Reserve Bank has added 1pc to house values: report

Interest rate cuts in February and May have added about $8,000 to house prices in Sydney and Melbourne, according to new research.

Moody’s Analytics has found that national house prices usually increase by about 0.5 per cent every time the Reserve Bank reduces the official cash rate by 0.25 per cent, as has occurred twice this year.

“Moody’s Analytics estimates that a 25-basis-point rate cut adds approximately $4,000 to valuations in New South Wales,” it said in a new national housing report.

“It is a similar story in Victoria, where median house prices rise and remain the second highest in the country, albeit the state’s stronger housing supply caps the gains.”

House prices in NSW and Western Australia usually increase by the above-average rate of 0.6 per cent when interest rates fall by 25 basis points, Moody’s Analytics said.

There is a rise of 0.5 per cent in Victoria and Tasmania, and a rise of 0.4 per cent in South Australia.

Prices increase by 0.3 per cent in Queensland and the Northern Territory, and by 0.2 per cent in the ACT.

Moody’s Analytics also found that only three of Australia’s eight housing markets are overvalued, based on rents, incomes and mortgage rates.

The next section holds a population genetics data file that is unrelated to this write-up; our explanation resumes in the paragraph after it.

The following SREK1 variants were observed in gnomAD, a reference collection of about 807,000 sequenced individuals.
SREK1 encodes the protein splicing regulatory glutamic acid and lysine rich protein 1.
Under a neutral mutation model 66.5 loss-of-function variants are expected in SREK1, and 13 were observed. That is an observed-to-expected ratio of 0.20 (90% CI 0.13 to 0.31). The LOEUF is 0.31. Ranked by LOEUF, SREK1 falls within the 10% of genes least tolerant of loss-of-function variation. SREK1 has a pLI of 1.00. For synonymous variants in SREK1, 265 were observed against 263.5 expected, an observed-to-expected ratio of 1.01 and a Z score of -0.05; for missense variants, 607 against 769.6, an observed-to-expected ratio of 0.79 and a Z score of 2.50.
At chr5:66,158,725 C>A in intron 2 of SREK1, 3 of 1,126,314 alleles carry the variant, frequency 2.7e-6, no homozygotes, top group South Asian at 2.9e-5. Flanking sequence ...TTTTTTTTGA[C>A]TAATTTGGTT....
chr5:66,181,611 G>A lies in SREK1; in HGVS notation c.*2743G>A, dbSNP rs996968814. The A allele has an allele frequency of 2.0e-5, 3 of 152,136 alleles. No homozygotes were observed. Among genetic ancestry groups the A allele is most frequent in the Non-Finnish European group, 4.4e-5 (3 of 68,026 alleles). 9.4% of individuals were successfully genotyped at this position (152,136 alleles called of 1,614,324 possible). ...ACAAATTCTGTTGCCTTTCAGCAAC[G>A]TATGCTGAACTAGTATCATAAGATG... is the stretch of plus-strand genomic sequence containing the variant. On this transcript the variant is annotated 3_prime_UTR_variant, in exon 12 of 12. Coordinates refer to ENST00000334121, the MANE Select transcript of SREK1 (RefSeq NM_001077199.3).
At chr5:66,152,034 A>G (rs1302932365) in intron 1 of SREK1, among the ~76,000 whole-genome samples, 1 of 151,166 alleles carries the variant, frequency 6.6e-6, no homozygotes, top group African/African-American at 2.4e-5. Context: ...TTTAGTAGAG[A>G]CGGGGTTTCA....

Victorian house prices are 8.0 per cent overvalued, while ACT is 6.2 per cent overvalued and NSW is 2.9 per cent overvalued.

The other five states are undervalued – Western Australia by 13.0 per cent, Queensland and Tasmania by 4.3 per cent, South Australia by 1.3 per cent and the Northern Territory by 0.4 per cent.

Moody’s Analytics said these valuations reflect Australia’s low interest rates – and warned that house prices in most states are likely to become overvalued when rates increase to a “normalised” setting of 4.5 per cent.

“The biggest cause for concern is house prices in Victoria, which become more overvalued if interest rates rise to normal levels, with NSW and the ACT not far behind,” it said.

“Given the mountain of household debt in Australia, which sits around 150 per cent of disposable incomes, overstretched borrowers in these markets are at the most risk if rates rise.”

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